Online security experts are warning Christmas shoppers to be wary of cybercrooks’ online scams and also of companies that have lax virtual shopping precautions.
“Fraudsters and identity thieves don’t take time off for the holidays, so it is essential to remain vigilant and to take steps to protect yourself,” said Julie Kuzmic, Equifax Canada's senior compliance officer for consumer advocacy.
“Be careful about where you shop and be mindful of the information you share online,” she added.
Proofpoint, a cybersecurity and compliance company, said as the Black Friday and Cyber Monday shopping period approaches, research shows nearly three-quarters (72 per cent) of Canada’s top 50 online retailers aren’t taking appropriate measures to protect consumers from potential email fraud and cybercrime.
Proofpoint said Canadians spent an estimated $10.3 billion during Cyber Week last year. The Retail Council of Canada said British Columbians could spend $860 on gifts, down from the national average of $898.
Online shopping safety
Now, said Proofpoint, if Canadians are doing their shopping online, there are safety considerations to be considered.
The company did an analysis of Canada’s top 50 online retailers based on website traffic and their adoption of DMARC1 (Domain-based Message Authentication, Reporting, and Conformance). The widely used authentication protocol helps guarantee the identity of email communications and protects website domain names from being spoofed and misused.
What the analysis found was:
- only 28 per cent of online retailers have implemented the highest level of protection to reject suspicious emails from reaching consumers’ inboxes, meaning 72 per cent of online retailers in Canada are not actively blocking fraudulent emails from reaching consumers;
- 30 per cent have no DMARC record in place at all, and;
- 28 per cent have implemented a monitor policy, meaning unqualified emails can still arrive in the recipient’s inbox; and only 14 per cent have implemented a quarantine policy to direct unqualified emails to spam/junk folders.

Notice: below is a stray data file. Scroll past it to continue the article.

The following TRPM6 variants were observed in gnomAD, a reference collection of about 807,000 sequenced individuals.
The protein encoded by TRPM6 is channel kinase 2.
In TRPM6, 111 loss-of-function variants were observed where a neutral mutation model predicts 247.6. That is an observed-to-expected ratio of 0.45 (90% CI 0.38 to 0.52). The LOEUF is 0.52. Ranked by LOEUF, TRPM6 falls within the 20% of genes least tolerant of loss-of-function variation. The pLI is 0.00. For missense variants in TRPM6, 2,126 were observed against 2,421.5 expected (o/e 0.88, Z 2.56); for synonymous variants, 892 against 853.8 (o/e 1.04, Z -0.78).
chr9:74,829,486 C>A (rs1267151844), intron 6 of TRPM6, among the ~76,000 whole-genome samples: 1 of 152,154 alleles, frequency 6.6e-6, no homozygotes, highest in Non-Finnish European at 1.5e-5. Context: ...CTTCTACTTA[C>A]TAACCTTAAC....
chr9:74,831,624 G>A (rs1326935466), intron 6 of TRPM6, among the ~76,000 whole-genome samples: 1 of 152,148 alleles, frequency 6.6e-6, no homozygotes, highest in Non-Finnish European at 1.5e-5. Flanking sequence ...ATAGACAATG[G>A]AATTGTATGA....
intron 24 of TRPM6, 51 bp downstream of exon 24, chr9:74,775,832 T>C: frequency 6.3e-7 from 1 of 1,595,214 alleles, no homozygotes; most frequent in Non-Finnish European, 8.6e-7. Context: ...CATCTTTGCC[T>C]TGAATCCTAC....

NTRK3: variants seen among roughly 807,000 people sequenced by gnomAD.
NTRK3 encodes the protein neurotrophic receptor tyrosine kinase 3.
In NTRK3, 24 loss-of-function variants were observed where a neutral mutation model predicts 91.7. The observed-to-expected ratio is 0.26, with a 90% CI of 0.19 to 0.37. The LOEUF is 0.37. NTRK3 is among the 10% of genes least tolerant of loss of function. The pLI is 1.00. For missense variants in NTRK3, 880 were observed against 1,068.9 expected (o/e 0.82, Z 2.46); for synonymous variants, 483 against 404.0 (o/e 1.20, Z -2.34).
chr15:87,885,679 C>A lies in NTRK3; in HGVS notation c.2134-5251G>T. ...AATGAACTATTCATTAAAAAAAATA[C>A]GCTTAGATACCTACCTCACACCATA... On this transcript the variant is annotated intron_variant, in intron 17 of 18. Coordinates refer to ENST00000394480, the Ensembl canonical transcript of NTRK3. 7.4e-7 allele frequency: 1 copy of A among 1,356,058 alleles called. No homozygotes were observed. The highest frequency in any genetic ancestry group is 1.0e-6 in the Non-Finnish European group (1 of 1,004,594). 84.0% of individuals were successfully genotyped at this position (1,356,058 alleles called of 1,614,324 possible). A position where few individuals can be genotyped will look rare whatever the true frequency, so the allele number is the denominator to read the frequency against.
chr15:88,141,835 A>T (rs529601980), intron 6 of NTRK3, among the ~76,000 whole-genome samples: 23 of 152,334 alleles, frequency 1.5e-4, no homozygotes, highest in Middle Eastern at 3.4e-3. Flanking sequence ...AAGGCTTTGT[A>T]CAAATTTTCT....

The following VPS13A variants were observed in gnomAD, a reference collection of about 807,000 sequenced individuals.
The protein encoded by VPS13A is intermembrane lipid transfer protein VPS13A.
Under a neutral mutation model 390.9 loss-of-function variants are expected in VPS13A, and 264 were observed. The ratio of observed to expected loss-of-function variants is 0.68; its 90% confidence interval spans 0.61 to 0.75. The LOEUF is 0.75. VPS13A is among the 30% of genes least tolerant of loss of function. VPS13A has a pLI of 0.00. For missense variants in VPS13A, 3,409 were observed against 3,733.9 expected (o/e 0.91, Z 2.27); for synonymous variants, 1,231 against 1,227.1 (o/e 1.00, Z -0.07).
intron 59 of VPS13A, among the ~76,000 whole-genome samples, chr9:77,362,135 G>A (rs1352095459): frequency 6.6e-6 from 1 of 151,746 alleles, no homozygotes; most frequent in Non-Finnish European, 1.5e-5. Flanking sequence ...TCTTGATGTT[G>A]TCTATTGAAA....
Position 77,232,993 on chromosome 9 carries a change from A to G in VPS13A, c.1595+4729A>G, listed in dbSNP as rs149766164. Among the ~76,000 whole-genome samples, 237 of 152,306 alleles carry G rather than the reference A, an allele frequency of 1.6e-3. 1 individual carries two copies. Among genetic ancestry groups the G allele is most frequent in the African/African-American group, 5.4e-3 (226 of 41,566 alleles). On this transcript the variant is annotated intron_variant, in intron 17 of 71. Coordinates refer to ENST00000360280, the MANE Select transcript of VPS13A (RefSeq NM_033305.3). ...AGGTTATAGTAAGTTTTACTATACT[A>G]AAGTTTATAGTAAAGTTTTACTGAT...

“The influx of emails from brands offering great deals during the Black Friday and Cyber Monday shopping period makes it an opportune time for cyber criminals to capitalize on the spike in email traffic and target shoppers with creative and convincing lures and scams,” said Robert Holmes, group vice-president and general manager of Proofpoint’s sender security and authentication business.
The simple rule is be vigilante and don’t click on any link that seems too good to be true.
It’s against this backdrop Google and Yahoo! recently announced that, beginning in February 2024, DMARC authentication will be required to send messages from their platforms. That includes retailers who send high volumes of email.
Failure to comply will significantly impact the delivering of legitimate company messages to customers with Gmail and Yahoo! accounts, Holmes said.
By the numbers
Facing financial pressures, Canadians are planning to be more budget-conscious and security-minded for the 2023 holiday shopping season, according to a recent Equifax survey. What researchers found was:
- 68 per cent of respondents said they plan to budget for holiday shopping this year, up from 57 per cent in 2022;
- credit cards remain the preferred payment method for holiday purchases for most people (67 per cent); the number climbs even higher to 72 per cent for younger adults (aged 18-34); and,
- 44 per cent feel more vulnerable to fraudsters and identity thieves during the holidays, with 70 per cent saying they need to do more to protect their personal data, up from 60 per cent in 2022.
“The findings from this survey suggest people are taking steps to be more mindful of their spending and their personal information during the holidays,” Kuzmic said. “It is important to remember that you can take control of your credit and protect your identity at any time of year. Some simple actions like budgeting and checking your credit reports can help you avoid overspending and find potential signs of fraud.”
Fraud protection for consumers
Of Equifax survey respondents, 44 per cent said they feel more vulnerable to fraudsters and identity thieves during this time of year.
Most survey respondents are taking steps to protect themselves from identity theft, with 84 per cent checking their credit card bills for suspicious activity, 72 per cent using up-to-date antivirus software, 27 per cent purchasing identity theft protection products, and 87 per cent limiting the information they share on social media.
Equifax offered several shopping tips:
- only shop with trusted retailers and be careful at the checkout;
- regularly check your credit reports and bank statements for suspicious activity;
- be careful about what information you share on social media and be careful about clicking on links in emails or text messages;
- use strong passwords that are changed regularly and two-factor authentication for your online accounts, and;
- avoid using public Wi-Fi to shop online.